Movies about the making of “bad” movies — like Ed Wood and The Disaster Artist — are usually chronicles of earnest but nearsighted visionaries who don’t realize their work will be received ironically.
Dolemite Is My Name is another matter. This one stars Eddie Murphy as Rudy Ray Moore, a failed singer and struggling comedian who, late in his career, develops a foulmouthed stage character whom audiences love, and builds a movie around him, capitalizing on the blaxploitation craze of the 1970s.
Decades later, comedians still debate whether Moore intended his campy low-budget laugher to be funny, but Murphy is of the opinion that the canny Moore knew what he was doing at every phase of the project, and plays Moore that way — shrewd, driven and appealingly generous, sharing his corner of the stage with others he manages to help along the way.
Our first glimpse of Moore is of a hardworking showman, trying to get his old records in front of uninterested DJs (Snoop Dogg in a cameo), badgering managers to get a few extra minutes a night and telling jokes as a nightclub MC.
None of this is working until Moore starts recording the profane monologues of the homeless men who make him laugh. He develops this into a stage character — Dolemite — who catches fire, and gives Moore, at last, an entertainment product he can sell. It’s key to Murphy’s view of Moore that he is as much salesman as artist, though Dolemite’s rhyming monologues are credited as being foundational for hip-hop.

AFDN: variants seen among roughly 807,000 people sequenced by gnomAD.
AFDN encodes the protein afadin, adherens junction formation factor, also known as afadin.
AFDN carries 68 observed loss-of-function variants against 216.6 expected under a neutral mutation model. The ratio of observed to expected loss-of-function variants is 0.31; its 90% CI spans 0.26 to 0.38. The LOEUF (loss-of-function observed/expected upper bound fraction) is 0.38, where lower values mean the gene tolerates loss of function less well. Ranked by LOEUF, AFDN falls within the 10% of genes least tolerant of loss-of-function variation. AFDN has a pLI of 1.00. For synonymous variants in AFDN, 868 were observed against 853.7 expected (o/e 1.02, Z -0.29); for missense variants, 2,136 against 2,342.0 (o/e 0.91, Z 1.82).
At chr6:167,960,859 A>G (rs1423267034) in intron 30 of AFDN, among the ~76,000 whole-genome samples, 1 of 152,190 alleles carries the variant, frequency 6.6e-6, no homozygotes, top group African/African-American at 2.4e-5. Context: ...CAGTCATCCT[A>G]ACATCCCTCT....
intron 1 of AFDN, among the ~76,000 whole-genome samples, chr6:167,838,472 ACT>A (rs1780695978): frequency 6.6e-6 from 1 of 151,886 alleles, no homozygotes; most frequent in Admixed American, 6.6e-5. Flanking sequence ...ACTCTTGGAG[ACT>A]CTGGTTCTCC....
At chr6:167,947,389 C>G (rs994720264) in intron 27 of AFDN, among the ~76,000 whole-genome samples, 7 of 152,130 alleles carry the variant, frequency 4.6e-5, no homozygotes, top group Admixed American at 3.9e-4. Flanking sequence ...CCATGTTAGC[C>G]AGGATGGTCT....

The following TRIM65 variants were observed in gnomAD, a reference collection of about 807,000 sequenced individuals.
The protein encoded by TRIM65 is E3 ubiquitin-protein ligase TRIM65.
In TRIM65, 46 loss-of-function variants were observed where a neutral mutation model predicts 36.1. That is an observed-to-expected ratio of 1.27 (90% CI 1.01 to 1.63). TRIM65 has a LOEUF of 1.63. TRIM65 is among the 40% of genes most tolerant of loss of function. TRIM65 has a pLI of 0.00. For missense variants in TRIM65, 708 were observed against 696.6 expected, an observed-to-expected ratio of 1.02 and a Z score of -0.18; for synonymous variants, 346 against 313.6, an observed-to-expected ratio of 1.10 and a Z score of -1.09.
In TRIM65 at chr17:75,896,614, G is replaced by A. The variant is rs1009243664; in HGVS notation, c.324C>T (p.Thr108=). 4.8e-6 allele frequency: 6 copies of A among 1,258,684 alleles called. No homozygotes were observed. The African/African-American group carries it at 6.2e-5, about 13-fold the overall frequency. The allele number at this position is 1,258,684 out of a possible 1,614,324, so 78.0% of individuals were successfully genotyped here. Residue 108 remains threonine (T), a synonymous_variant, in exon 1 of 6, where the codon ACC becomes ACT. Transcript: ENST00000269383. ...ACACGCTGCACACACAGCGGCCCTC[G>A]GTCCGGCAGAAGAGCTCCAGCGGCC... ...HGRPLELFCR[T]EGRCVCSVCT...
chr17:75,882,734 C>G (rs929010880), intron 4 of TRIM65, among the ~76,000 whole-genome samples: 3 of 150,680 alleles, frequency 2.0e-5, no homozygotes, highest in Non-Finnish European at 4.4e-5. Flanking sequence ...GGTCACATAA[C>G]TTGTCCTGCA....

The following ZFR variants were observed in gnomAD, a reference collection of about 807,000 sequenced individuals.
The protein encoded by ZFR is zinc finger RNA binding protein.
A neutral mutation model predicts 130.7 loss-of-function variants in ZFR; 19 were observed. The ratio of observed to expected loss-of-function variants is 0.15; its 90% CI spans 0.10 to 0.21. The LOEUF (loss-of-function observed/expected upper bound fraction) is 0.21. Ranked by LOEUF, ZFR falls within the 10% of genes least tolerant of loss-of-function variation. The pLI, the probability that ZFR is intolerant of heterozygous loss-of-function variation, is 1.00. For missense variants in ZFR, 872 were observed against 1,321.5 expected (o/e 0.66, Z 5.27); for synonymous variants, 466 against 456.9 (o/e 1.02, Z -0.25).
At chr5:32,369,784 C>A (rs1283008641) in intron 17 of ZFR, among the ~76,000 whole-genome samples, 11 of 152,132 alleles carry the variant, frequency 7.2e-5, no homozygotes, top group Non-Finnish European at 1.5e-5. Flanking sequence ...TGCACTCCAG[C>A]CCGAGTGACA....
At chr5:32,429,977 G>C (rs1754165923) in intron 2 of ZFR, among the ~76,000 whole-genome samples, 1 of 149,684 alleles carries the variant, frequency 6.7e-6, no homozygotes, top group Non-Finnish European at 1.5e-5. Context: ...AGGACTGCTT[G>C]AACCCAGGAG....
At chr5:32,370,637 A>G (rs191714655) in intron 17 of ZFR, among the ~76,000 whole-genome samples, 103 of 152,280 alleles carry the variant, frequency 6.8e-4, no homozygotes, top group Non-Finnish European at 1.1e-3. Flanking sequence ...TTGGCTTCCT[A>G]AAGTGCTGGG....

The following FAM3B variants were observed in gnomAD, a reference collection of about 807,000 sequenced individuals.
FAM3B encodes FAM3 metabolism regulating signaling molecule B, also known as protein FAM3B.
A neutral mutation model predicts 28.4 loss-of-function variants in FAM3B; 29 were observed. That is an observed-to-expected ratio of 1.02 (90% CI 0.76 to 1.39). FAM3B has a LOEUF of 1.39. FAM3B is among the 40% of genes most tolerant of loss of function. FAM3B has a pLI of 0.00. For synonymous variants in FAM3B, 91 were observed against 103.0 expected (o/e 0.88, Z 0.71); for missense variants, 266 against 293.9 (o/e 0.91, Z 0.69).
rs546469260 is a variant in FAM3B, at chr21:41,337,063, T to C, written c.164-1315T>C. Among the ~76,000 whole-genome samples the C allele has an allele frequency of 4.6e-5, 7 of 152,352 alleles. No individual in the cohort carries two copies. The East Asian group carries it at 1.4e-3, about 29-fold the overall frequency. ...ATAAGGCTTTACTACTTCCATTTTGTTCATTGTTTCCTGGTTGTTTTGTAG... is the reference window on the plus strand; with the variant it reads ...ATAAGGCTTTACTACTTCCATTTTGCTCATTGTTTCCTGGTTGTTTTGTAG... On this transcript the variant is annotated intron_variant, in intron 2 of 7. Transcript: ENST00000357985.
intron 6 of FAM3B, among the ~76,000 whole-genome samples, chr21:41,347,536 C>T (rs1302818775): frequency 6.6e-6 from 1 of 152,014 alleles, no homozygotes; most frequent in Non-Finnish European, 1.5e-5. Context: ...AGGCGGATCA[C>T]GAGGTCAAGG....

Moore is also insanely hardworking. He handles distribution on his own, bootlegging records at independent stores because the material is too foul for airplay, and becoming enough of a phenomenon to catch the attention of deep-pocketed investors who agree to leverage Moore’s dream of making a Dolemite movie.
Moore is no deluded visionary — more like a filmmaking Rocky who just wants to finish, and director Craig Brewer has fun staging underdog making-of scenes. Moore finds a name actor (Wesley Snipes) in a strip club, dragoons students from UCLA’s film school, and sneaks into the vacant, shuttered Dunbar hotel, stealing electricity from the utility poles and building stages in the abandoned building. The hotel was once a mecca for A-list African American entertainers, and there is a nice moment when the production gets rolling and the soundtrack invokes Louis Armstrong, whose tilted and dusty picture can be seen on the wall of the old hotel.
The movie isn’t as funny as we might have expected from the return of Murphy, whose earlier bad movie chronicle Bowfinger is a neglected example of the genre. But it’s often unexpectedly sweet. There is nice relationship between Moore and a woman (Philly’s Da’Vine Joy Randolph) whom he befriends on the road, and makes a costar of in Dolemite, which becomes another self-distributed hit for Moore, and eventually a national phenomenon.
Today, a modern version of Moore might be distributing his wares on YouTube or TikTok, but part of the appeal is the way it reminds us — in scenes of audiences roaring at Dolemite’s campy adventures — of the communal experience movie theaters provide.
Dolemite is My Name. Directed by Craig Brewer. With Eddie Murphy, Snoop Dogg, Wesley Snipes, and Bob Odenkirk. Distributed by Netflix.
Running time: 1 hour, 58 mins.
Parents guide: R (language)
Playing at: Ritz at the Bourse; streaming on Netflix Oct. 25.